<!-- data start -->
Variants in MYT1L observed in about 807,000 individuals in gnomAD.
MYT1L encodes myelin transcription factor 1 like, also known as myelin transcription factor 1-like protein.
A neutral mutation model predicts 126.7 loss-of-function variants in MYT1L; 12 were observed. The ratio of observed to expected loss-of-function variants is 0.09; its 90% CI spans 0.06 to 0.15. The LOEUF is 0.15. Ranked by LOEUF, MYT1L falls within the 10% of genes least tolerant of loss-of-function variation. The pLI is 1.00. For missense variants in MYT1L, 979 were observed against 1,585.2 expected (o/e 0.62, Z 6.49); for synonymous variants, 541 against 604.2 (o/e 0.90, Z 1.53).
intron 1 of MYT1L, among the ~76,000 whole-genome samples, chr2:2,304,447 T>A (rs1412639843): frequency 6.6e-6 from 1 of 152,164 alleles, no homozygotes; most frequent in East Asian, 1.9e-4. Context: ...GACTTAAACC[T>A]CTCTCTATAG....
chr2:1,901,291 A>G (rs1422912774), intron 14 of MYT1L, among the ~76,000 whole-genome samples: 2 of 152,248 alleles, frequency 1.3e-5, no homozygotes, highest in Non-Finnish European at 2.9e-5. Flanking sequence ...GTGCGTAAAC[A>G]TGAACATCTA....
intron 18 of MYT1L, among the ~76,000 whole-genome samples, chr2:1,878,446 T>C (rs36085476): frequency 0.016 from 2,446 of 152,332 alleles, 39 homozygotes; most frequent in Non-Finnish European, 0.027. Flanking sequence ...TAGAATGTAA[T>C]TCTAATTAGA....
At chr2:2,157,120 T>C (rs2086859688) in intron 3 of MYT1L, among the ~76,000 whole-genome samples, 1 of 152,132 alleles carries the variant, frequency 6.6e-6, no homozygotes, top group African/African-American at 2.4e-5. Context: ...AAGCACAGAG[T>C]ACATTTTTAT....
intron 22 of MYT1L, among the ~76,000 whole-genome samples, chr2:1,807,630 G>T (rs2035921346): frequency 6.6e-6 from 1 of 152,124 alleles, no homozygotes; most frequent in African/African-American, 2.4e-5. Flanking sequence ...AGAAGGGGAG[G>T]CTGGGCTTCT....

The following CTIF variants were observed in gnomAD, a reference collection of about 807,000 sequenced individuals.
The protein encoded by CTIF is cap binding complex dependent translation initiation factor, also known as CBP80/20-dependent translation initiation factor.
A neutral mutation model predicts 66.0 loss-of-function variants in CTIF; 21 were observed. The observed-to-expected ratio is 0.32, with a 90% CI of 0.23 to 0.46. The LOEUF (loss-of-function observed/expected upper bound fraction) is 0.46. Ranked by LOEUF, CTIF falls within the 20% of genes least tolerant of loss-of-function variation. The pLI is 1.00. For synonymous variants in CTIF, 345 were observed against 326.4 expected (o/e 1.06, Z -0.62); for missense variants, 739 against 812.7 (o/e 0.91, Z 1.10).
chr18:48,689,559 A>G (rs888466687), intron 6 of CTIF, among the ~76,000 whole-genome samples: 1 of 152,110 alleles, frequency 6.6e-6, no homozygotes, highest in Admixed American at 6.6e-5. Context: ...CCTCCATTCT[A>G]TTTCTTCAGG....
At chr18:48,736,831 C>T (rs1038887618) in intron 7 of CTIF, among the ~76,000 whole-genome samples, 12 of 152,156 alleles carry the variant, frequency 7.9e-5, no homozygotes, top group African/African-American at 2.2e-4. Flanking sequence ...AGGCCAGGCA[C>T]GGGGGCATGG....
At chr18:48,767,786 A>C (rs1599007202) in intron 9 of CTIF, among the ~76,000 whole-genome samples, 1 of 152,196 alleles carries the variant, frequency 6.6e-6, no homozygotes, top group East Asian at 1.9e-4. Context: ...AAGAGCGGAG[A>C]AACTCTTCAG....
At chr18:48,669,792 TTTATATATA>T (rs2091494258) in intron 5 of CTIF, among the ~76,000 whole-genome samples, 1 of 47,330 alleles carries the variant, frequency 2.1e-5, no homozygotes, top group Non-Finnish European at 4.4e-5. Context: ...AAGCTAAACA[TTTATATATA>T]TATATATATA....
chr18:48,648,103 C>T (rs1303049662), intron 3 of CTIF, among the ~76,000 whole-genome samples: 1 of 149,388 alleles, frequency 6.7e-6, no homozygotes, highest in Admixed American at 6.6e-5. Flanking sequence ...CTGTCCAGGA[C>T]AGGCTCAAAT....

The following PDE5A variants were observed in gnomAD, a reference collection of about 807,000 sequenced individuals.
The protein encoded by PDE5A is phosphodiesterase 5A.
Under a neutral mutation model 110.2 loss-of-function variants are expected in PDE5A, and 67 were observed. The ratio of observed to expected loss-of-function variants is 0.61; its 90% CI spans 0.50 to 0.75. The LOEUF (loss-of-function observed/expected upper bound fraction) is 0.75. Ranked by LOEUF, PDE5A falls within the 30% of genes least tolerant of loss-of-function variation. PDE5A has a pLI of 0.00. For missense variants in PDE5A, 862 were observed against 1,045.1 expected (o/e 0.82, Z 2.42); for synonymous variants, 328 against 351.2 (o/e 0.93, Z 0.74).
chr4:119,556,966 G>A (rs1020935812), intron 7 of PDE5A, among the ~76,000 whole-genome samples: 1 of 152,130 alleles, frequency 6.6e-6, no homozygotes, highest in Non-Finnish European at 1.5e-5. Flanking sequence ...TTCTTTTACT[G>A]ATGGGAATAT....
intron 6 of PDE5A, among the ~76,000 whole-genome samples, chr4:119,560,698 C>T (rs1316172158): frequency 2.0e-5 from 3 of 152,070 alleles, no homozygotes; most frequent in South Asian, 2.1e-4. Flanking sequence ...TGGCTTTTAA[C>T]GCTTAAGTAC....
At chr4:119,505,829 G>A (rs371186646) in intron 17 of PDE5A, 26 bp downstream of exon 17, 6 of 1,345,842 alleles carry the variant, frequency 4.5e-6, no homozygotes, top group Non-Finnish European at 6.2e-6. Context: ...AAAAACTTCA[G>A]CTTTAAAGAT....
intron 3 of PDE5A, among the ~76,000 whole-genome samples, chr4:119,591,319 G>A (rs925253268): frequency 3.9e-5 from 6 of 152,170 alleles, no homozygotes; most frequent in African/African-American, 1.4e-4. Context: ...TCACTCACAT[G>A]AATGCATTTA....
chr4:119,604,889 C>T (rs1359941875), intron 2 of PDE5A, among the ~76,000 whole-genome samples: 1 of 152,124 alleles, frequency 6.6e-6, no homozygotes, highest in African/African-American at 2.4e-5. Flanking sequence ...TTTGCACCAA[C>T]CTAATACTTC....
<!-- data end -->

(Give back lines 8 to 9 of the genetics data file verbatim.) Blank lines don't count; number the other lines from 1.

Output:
intron 22 of MYT1L, among the ~76,000 whole-genome samples, chr2:1,807,630 G>T (rs2035921346): frequency 6.6e-6 from 1 of 152,124 alleles, no homozygotes; most frequent in African/African-American, 2.4e-5. Flanking sequence ...AGAAGGGGAG[G>T]CTGGGCTTCT....

The following CTIF variants were observed in gnomAD, a reference collection of about 807,000 sequenced individuals.